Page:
Figure 5.

(A) The group-average partial correlation static FC matrix and the cerebro-cerebellar submatrix. (B) A circular graph showing the strongest 20% of direct cerebro-cerebellar connections in the group-average static FC matrix.

Figure 5.

(A) The group-average partial correlation static FC matrix and the cerebro-cerebellar submatrix. (B) A circular graph showing the strongest 20% of direct cerebro-cerebellar connections in the group-average static FC matrix.

### Cerebro-Cerebellar Dynamic FC and Impulsivity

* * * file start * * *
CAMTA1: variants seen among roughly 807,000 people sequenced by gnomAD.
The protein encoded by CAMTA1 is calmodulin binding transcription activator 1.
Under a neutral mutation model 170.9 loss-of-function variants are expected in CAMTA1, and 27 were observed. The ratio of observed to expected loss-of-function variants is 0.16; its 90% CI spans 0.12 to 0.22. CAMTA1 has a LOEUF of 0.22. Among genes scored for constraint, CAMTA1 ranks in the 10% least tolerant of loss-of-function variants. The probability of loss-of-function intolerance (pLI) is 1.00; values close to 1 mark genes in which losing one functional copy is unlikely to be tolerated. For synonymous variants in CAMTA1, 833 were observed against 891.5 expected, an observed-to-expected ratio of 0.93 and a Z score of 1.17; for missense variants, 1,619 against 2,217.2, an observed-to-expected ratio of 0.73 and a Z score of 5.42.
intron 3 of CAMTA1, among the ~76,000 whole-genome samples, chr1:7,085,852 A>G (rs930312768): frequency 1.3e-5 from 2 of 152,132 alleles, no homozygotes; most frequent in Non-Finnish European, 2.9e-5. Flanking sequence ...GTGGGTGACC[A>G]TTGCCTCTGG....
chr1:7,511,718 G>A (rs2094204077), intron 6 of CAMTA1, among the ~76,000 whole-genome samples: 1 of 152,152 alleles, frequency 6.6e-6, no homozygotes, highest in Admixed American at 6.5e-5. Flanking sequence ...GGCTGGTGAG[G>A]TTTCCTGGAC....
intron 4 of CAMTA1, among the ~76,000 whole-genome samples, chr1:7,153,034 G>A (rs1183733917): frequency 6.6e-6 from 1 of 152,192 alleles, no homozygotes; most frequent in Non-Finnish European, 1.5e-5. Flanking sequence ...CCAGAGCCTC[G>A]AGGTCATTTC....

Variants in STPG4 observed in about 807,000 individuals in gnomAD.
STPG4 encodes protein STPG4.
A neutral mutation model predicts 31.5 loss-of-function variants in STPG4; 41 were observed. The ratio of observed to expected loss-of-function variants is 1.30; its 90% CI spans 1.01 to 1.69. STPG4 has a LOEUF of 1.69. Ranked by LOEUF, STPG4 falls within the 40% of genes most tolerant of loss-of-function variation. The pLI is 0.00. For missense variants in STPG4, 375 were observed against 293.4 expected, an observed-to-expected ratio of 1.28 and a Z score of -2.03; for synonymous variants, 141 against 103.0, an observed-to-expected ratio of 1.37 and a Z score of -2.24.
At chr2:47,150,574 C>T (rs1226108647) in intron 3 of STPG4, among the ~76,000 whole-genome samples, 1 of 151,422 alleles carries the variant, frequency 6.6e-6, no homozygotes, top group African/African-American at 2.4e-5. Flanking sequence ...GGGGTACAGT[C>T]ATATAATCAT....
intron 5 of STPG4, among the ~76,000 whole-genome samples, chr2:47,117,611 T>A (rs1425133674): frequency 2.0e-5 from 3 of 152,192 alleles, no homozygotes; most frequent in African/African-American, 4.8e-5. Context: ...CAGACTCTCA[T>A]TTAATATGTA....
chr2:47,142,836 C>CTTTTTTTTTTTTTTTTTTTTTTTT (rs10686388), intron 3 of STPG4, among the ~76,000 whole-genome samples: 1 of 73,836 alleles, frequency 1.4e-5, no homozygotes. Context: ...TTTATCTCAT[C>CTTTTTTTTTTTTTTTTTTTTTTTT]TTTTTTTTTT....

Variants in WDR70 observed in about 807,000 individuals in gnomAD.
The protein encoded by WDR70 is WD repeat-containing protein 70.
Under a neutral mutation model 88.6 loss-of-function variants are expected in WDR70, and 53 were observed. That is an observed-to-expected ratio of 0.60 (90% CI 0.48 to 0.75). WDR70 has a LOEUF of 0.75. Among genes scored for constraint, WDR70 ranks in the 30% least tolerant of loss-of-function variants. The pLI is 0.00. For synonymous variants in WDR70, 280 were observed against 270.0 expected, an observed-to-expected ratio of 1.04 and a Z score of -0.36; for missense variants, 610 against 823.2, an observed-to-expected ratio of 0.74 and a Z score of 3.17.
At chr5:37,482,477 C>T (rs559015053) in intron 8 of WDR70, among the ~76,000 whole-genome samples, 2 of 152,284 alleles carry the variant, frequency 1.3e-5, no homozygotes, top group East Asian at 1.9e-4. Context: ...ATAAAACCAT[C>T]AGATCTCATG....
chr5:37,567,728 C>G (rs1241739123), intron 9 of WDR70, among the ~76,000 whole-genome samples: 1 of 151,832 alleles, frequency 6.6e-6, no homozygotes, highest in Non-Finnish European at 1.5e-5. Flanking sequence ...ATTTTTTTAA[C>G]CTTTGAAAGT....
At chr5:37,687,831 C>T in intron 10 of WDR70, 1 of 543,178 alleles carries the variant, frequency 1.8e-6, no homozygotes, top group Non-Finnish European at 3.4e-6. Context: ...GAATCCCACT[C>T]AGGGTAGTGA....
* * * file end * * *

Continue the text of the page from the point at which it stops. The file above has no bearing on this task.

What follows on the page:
Dynamic FC studies have defined temporal variability of FC as a measure of how brain regions are transiently integrated and segregated across time (Calhoun et al., 2014; Lord, Stevner, Deco, & Kringelbach, 2017). Higher values of temporal variability point to increased switching of brain FC patterns (i.e., states), which has been shown to support cognitive flexibility (Douw, Wakeman, Tanaka, Liu, & Stufflebeam, 2016). In the context of the current study, the greater the temporal variability, the more frequent the switching of FC strength between cerebral RSNs and their cerebellar counterparts. Our results revealed negative correlations between the temporal variability of cerebro-cerebellar FC strength of two top-down control networks, namely the frontal salience network (FSN) and the precuneus/posterior cingulate cortex (pCun/PCC) network, and the UPPS-P lack of premeditation subscale, which measures the tendency to act rashly without thinking. The pCun/PCC network primarily included dorsal parts of the precuneus cortex (pCun) and the dorsal posterior cingulate cortex (PCC), which is regarded as part of the executive control network and is also connected to the default mode and salience networks (Leech & Sharp, 2013; Yeo et al., 2011). This suggests that the increase in the overall switching of FC strength between the cerebellum and top-down control regions is associated with increased control of impulses. In addition, temporal variability of cerebro-cerebellar FC strength of these two top-down control networks along with two other networks involved in reward processing, namely the basal ganglia network (BGN) and the thalamus, were positively correlated with the UPPS-P sensation-seeking scale, which measures the tendency to seek new and rewarding experiences. This suggests that the increase in switching of FC strength between the cerebellum and networks involved in top-down control and reward processing is associated with enhanced salience attribution of novel experiences.